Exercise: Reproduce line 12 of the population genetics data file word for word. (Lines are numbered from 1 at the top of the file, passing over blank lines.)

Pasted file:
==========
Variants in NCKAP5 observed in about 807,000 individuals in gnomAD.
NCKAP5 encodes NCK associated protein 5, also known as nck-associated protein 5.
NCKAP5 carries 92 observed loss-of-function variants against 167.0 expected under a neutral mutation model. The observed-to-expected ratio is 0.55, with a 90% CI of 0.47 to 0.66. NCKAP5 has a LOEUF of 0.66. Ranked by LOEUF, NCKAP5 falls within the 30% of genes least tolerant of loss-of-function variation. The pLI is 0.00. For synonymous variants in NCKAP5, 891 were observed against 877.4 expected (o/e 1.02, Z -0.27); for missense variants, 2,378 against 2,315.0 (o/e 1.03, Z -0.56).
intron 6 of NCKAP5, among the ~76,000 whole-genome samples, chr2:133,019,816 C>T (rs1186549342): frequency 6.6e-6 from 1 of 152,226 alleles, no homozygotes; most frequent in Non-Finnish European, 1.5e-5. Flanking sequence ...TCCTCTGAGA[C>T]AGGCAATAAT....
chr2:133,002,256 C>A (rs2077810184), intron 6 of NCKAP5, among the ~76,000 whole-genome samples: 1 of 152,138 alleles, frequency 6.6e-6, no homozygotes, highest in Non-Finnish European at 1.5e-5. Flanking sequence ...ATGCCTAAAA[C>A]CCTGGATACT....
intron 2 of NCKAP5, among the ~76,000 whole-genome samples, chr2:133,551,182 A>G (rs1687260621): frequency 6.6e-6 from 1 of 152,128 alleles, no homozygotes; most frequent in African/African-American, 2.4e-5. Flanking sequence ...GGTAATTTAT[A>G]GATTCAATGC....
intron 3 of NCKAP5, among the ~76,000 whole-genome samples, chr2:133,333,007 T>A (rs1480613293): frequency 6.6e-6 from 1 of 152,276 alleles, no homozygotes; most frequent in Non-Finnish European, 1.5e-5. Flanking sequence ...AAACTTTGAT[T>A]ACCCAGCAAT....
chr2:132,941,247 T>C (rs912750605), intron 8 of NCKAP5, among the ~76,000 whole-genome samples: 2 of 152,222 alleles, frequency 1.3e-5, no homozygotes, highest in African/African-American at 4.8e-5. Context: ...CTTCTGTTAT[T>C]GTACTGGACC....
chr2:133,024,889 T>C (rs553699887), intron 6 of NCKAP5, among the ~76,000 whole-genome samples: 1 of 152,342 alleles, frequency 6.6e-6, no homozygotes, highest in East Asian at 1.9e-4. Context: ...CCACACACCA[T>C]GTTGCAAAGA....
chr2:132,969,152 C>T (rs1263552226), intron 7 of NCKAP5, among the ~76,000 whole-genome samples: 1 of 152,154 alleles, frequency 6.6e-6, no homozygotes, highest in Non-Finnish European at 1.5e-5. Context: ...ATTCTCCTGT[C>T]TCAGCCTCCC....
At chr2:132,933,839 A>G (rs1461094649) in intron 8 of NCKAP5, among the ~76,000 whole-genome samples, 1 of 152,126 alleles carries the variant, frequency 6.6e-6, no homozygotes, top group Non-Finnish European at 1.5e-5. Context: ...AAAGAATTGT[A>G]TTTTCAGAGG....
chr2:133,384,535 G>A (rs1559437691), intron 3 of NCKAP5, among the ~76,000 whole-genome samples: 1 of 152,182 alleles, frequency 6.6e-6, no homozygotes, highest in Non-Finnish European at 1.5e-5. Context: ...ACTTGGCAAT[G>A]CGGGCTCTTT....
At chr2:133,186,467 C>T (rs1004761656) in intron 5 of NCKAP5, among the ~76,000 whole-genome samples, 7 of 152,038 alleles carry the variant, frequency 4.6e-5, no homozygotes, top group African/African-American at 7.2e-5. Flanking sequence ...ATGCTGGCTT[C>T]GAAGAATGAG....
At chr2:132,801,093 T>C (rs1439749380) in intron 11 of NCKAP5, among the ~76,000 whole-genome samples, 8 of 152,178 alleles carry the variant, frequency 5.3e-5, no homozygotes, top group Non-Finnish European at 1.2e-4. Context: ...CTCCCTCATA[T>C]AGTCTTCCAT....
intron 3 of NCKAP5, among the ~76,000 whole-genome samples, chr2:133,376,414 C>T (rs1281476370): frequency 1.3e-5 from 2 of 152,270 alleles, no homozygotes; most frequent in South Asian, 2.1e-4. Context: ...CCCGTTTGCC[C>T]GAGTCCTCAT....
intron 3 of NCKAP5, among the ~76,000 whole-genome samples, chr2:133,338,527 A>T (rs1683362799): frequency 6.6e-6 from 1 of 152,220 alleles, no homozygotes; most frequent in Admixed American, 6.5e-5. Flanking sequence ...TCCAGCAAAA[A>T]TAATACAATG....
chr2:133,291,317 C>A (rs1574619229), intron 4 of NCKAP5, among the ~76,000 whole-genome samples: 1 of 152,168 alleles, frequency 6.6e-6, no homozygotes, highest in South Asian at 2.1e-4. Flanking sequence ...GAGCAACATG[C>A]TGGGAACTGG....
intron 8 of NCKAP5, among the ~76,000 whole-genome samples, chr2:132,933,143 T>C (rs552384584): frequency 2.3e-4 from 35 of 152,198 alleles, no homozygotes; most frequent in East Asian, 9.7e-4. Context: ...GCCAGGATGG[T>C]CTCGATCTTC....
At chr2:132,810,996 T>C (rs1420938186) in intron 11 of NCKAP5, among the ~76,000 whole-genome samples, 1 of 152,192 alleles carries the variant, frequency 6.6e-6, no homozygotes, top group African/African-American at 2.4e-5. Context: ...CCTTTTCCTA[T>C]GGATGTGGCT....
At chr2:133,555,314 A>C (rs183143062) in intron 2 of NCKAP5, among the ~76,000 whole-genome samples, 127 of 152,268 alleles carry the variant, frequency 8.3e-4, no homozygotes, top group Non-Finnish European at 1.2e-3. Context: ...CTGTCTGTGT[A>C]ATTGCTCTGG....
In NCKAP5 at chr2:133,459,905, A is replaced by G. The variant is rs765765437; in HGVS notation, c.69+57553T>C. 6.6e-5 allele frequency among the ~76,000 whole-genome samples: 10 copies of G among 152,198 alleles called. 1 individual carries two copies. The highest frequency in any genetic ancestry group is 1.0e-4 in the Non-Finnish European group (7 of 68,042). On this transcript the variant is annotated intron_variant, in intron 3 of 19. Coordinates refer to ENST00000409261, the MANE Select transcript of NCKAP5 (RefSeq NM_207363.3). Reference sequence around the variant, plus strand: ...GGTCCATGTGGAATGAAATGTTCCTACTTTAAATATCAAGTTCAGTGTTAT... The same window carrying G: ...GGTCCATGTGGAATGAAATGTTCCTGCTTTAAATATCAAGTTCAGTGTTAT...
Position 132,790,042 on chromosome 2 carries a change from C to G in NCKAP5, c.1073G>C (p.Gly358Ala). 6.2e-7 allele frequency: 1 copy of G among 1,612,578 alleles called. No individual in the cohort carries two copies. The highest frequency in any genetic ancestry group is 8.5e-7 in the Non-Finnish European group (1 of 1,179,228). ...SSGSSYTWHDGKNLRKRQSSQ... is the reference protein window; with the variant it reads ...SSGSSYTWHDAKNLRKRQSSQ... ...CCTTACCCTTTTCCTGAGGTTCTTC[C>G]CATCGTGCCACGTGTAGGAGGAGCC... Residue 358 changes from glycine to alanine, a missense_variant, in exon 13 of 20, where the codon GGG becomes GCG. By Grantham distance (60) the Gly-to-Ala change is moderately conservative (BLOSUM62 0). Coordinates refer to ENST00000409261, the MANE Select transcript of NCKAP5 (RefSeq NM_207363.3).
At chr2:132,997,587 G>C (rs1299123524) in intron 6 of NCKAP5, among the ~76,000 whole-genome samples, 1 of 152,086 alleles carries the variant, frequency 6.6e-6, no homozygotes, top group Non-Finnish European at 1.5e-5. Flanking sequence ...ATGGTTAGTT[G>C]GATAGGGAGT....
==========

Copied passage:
chr2:133,384,535 G>A (rs1559437691), intron 3 of NCKAP5, among the ~76,000 whole-genome samples: 1 of 152,182 alleles, frequency 6.6e-6, no homozygotes, highest in Non-Finnish European at 1.5e-5. Context: ...ACTTGGCAAT[G>A]CGGGCTCTTT....